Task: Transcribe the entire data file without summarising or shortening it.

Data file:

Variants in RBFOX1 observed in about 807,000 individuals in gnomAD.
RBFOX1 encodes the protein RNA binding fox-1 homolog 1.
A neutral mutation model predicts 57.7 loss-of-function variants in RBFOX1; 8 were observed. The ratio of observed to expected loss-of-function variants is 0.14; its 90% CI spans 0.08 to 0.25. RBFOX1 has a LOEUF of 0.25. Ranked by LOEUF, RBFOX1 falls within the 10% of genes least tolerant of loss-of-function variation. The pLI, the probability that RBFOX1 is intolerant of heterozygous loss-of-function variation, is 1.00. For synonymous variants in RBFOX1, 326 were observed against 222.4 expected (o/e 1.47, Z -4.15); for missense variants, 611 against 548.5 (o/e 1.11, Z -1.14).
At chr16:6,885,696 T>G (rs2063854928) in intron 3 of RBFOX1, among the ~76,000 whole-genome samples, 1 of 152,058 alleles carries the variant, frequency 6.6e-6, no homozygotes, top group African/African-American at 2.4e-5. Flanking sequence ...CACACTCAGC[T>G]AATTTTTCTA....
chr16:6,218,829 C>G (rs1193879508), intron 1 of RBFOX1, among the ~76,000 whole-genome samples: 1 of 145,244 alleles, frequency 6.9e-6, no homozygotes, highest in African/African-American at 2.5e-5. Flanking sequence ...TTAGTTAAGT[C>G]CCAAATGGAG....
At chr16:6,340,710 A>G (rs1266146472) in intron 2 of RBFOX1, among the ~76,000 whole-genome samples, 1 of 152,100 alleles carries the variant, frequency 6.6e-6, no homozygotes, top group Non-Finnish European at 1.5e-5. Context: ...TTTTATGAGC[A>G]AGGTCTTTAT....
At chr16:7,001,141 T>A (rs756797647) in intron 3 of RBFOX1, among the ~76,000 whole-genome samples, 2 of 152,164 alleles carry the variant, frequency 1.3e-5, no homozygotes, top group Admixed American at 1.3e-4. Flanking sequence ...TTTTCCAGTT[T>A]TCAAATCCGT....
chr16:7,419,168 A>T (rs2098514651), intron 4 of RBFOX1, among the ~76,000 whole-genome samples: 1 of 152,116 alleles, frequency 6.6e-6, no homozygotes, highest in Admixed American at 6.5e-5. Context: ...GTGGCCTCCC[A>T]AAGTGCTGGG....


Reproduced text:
Variants in RBFOX1 observed in about 807,000 individuals in gnomAD.
RBFOX1 encodes the protein RNA binding fox-1 homolog 1.
A neutral mutation model predicts 57.7 loss-of-function variants in RBFOX1; 8 were observed. The ratio of observed to expected loss-of-function variants is 0.14; its 90% CI spans 0.08 to 0.25. RBFOX1 has a LOEUF of 0.25. Ranked by LOEUF, RBFOX1 falls within the 10% of genes least tolerant of loss-of-function variation. The pLI, the probability that RBFOX1 is intolerant of heterozygous loss-of-function variation, is 1.00. For synonymous variants in RBFOX1, 326 were observed against 222.4 expected (o/e 1.47, Z -4.15); for missense variants, 611 against 548.5 (o/e 1.11, Z -1.14).
At chr16:6,885,696 T>G (rs2063854928) in intron 3 of RBFOX1, among the ~76,000 whole-genome samples, 1 of 152,058 alleles carries the variant, frequency 6.6e-6, no homozygotes, top group African/African-American at 2.4e-5. Flanking sequence ...CACACTCAGC[T>G]AATTTTTCTA....
chr16:6,218,829 C>G (rs1193879508), intron 1 of RBFOX1, among the ~76,000 whole-genome samples: 1 of 145,244 alleles, frequency 6.9e-6, no homozygotes, highest in African/African-American at 2.5e-5. Flanking sequence ...TTAGTTAAGT[C>G]CCAAATGGAG....
At chr16:6,340,710 A>G (rs1266146472) in intron 2 of RBFOX1, among the ~76,000 whole-genome samples, 1 of 152,100 alleles carries the variant, frequency 6.6e-6, no homozygotes, top group Non-Finnish European at 1.5e-5. Context: ...TTTTATGAGC[A>G]AGGTCTTTAT....
At chr16:7,001,141 T>A (rs756797647) in intron 3 of RBFOX1, among the ~76,000 whole-genome samples, 2 of 152,164 alleles carry the variant, frequency 1.3e-5, no homozygotes, top group Admixed American at 1.3e-4. Flanking sequence ...TTTTCCAGTT[T>A]TCAAATCCGT....
chr16:7,419,168 A>T (rs2098514651), intron 4 of RBFOX1, among the ~76,000 whole-genome samples: 1 of 152,116 alleles, frequency 6.6e-6, no homozygotes, highest in Admixed American at 6.5e-5. Context: ...GTGGCCTCCC[A>T]AAGTGCTGGG....